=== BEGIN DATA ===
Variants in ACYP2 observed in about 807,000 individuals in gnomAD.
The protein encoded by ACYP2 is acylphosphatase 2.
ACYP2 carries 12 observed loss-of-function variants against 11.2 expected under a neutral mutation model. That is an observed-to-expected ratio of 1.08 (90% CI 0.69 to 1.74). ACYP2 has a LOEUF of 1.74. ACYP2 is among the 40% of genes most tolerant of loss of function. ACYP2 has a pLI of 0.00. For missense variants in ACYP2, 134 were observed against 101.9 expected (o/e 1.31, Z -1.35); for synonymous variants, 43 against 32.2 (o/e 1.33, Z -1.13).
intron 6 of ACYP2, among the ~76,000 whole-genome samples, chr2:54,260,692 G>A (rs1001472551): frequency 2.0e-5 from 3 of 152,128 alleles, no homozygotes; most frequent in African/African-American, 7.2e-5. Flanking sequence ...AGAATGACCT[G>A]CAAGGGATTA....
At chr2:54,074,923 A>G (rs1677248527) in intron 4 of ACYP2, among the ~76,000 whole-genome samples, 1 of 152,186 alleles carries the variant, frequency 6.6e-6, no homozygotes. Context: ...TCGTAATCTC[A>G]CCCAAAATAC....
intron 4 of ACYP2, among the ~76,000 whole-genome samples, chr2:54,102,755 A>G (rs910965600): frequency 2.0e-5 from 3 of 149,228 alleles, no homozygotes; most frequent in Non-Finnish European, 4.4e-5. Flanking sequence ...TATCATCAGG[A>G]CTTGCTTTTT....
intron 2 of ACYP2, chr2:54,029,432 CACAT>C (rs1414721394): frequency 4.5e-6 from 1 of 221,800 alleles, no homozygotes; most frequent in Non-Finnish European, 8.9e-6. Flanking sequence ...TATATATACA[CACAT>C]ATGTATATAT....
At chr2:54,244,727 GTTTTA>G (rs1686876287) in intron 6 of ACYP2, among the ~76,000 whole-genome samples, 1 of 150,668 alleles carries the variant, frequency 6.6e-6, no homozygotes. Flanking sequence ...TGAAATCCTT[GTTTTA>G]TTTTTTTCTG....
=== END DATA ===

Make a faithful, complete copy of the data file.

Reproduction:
Variants in ACYP2 observed in about 807,000 individuals in gnomAD.
The protein encoded by ACYP2 is acylphosphatase 2.
ACYP2 carries 12 observed loss-of-function variants against 11.2 expected under a neutral mutation model. That is an observed-to-expected ratio of 1.08 (90% CI 0.69 to 1.74). ACYP2 has a LOEUF of 1.74. ACYP2 is among the 40% of genes most tolerant of loss of function. ACYP2 has a pLI of 0.00. For missense variants in ACYP2, 134 were observed against 101.9 expected (o/e 1.31, Z -1.35); for synonymous variants, 43 against 32.2 (o/e 1.33, Z -1.13).
intron 6 of ACYP2, among the ~76,000 whole-genome samples, chr2:54,260,692 G>A (rs1001472551): frequency 2.0e-5 from 3 of 152,128 alleles, no homozygotes; most frequent in African/African-American, 7.2e-5. Flanking sequence ...AGAATGACCT[G>A]CAAGGGATTA....
At chr2:54,074,923 A>G (rs1677248527) in intron 4 of ACYP2, among the ~76,000 whole-genome samples, 1 of 152,186 alleles carries the variant, frequency 6.6e-6, no homozygotes. Context: ...TCGTAATCTC[A>G]CCCAAAATAC....
intron 4 of ACYP2, among the ~76,000 whole-genome samples, chr2:54,102,755 A>G (rs910965600): frequency 2.0e-5 from 3 of 149,228 alleles, no homozygotes; most frequent in Non-Finnish European, 4.4e-5. Flanking sequence ...TATCATCAGG[A>G]CTTGCTTTTT....
intron 2 of ACYP2, chr2:54,029,432 CACAT>C (rs1414721394): frequency 4.5e-6 from 1 of 221,800 alleles, no homozygotes; most frequent in Non-Finnish European, 8.9e-6. Flanking sequence ...TATATATACA[CACAT>C]ATGTATATAT....
At chr2:54,244,727 GTTTTA>G (rs1686876287) in intron 6 of ACYP2, among the ~76,000 whole-genome samples, 1 of 150,668 alleles carries the variant, frequency 6.6e-6, no homozygotes. Flanking sequence ...TGAAATCCTT[GTTTTA>G]TTTTTTTCTG....